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cconstantine307

Hazy IPA dry-hopping tips?

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Longtime follower of the forums, first time poster...

 

Anyways, I'm brewing a copycat (it's out of stock) American Resolution Hazy IPA and have a few questions. I want to brew this with Galaxy and Citra (and maybe Cashmere) and would like to add them as a dry-hop addition. I'm not exactly sure which days I should add the hops to the LBK and in what combination/order? Any help is appreciated. 

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You want to have a 21 day fermentation, with nothing added any later than day 14.  

 

This recipe has hops being added on day 3, 8, and 13.  The later, the stronger the aroma.  

 

I would tell you that IF we did 10 different ways of dry hopping, and then did a blind taste test, there isn't a person alive that you could identify them.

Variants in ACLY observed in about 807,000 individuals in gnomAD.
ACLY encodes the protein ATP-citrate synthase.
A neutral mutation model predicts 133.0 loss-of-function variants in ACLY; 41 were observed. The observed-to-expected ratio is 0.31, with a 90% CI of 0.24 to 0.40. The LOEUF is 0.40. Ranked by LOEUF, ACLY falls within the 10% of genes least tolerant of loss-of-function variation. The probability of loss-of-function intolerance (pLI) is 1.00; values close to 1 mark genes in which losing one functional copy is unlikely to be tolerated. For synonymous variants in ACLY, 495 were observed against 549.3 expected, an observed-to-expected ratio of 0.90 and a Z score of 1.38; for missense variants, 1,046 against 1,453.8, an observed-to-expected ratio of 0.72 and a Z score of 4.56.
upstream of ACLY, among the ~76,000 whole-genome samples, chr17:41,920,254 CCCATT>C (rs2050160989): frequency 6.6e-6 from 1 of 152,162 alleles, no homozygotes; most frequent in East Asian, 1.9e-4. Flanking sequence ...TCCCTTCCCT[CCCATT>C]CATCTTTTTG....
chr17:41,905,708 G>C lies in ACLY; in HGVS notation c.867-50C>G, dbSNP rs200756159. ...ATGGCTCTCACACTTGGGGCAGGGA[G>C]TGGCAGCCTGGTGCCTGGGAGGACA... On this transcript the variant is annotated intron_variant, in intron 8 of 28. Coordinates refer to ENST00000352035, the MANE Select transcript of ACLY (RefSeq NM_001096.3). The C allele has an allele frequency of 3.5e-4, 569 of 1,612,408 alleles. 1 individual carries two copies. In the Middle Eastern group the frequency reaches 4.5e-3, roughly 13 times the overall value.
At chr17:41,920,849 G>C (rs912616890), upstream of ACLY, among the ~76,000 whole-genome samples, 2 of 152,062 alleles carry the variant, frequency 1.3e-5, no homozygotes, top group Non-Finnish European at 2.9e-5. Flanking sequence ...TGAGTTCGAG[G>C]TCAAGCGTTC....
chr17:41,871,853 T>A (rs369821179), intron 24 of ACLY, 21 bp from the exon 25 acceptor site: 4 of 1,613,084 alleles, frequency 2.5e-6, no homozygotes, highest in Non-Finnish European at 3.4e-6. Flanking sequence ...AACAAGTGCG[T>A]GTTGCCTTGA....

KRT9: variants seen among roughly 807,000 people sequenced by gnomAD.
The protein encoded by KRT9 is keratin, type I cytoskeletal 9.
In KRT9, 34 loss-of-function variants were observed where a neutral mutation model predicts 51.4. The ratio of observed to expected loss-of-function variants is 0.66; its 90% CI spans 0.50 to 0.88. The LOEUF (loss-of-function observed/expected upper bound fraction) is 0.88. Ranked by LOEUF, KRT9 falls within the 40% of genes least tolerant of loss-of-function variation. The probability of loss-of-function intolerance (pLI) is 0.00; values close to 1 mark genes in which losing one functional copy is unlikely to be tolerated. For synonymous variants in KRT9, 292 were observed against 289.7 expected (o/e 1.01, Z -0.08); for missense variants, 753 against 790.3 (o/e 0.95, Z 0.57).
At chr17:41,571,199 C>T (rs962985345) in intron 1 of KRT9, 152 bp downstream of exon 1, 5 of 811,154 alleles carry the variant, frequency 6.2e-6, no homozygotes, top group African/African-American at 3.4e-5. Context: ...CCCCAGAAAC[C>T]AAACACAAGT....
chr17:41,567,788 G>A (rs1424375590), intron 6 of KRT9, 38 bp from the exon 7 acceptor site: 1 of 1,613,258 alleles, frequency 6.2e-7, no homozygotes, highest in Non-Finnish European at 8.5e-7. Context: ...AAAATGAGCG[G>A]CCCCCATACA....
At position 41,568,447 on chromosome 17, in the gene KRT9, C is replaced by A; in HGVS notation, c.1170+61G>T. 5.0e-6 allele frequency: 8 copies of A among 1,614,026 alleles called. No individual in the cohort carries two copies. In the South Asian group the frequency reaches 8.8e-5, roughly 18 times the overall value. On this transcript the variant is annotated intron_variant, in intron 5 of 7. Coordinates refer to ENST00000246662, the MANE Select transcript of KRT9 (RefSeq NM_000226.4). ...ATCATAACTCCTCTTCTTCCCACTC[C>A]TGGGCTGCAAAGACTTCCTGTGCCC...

I would add all of them at day 13, but that's me.  I'm actually dry hopping on Friday a Black IPA, with all of them (2 hops) going it at once.

 

Make sure you sanitize a dish, a hop sack, a string, then put the hops in the sack and tie it with the string and gently lower it in to the fermenter.

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16 minutes ago, RickBeer said:

You want to have a 21 day fermentation, with nothing added any later than day 14.  

 

This recipe has hops being added on day 3, 8, and 13.  The later, the stronger the aroma.  

 

I would tell you that IF we did 10 different ways of dry hopping, and then did a blind taste test, there isn't a person alive that you could identify them.